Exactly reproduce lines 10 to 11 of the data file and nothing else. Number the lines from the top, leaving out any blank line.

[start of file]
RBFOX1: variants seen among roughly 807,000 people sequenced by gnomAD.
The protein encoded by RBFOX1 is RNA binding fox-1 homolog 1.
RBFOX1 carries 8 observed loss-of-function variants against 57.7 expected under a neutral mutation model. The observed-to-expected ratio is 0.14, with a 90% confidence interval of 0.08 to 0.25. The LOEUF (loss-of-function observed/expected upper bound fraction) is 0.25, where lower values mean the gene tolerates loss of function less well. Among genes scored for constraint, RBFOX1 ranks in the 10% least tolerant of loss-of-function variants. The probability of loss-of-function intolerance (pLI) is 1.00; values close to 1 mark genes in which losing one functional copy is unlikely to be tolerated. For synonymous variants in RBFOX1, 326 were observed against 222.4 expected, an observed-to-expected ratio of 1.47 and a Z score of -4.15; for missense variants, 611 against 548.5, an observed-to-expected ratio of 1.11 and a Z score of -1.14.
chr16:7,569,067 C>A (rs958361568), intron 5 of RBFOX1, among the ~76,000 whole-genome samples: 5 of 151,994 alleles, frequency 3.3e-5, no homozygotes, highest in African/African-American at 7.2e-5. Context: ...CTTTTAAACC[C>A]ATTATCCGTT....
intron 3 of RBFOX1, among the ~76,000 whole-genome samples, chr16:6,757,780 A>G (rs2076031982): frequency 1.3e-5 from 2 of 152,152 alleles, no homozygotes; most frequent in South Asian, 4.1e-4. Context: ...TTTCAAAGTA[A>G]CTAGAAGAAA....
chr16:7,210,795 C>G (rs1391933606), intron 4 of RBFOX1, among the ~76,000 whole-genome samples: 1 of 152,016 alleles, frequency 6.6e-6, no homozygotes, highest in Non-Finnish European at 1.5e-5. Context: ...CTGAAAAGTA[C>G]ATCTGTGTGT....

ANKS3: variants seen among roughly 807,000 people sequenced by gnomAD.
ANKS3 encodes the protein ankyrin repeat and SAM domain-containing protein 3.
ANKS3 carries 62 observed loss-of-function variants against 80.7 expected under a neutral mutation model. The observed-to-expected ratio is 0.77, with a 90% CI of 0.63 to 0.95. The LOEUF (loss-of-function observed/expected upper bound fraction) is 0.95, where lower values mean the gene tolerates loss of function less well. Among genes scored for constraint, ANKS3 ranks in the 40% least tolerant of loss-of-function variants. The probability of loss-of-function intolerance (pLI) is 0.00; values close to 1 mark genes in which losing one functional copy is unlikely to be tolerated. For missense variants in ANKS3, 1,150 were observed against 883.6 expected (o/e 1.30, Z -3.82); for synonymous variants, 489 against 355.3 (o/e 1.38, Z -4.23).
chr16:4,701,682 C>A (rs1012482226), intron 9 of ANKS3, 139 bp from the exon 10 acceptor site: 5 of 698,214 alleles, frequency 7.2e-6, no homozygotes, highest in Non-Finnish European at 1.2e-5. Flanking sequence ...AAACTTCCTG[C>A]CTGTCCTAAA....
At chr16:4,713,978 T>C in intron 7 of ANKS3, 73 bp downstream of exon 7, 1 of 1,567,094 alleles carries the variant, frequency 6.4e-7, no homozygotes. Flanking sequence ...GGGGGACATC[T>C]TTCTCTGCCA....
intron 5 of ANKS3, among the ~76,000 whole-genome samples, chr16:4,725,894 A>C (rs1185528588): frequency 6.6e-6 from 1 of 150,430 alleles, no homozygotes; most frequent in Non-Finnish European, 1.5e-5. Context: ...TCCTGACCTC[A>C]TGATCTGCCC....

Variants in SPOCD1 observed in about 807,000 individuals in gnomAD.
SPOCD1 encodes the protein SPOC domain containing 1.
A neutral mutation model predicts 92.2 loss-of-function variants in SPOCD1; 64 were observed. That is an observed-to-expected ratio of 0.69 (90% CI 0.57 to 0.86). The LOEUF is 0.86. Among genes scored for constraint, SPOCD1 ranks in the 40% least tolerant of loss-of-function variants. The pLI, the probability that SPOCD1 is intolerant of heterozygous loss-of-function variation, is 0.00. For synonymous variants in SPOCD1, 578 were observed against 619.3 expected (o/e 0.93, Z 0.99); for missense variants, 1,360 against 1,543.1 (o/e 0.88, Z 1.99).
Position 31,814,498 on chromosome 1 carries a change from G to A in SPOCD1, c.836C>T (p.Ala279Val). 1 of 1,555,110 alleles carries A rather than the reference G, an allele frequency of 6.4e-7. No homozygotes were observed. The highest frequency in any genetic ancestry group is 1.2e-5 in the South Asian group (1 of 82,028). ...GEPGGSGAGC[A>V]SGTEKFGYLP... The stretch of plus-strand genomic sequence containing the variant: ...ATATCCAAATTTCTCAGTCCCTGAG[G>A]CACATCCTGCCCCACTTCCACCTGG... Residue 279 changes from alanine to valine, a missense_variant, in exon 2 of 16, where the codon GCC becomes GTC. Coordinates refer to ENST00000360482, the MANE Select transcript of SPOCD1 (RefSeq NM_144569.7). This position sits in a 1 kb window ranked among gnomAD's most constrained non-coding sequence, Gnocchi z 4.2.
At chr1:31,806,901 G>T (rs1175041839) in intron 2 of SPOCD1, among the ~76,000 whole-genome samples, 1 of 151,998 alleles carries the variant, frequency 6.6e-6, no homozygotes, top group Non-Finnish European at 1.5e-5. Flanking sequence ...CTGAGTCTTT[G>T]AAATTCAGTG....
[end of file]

chr16:4,701,682 C>A (rs1012482226), intron 9 of ANKS3, 139 bp from the exon 10 acceptor site: 5 of 698,214 alleles, frequency 7.2e-6, no homozygotes, highest in Non-Finnish European at 1.2e-5. Flanking sequence ...AAACTTCCTG[C>A]CTGTCCTAAA....
At chr16:4,713,978 T>C in intron 7 of ANKS3, 73 bp downstream of exon 7, 1 of 1,567,094 alleles carries the variant, frequency 6.4e-7, no homozygotes. Flanking sequence ...GGGGGACATC[T>C]TTCTCTGCCA....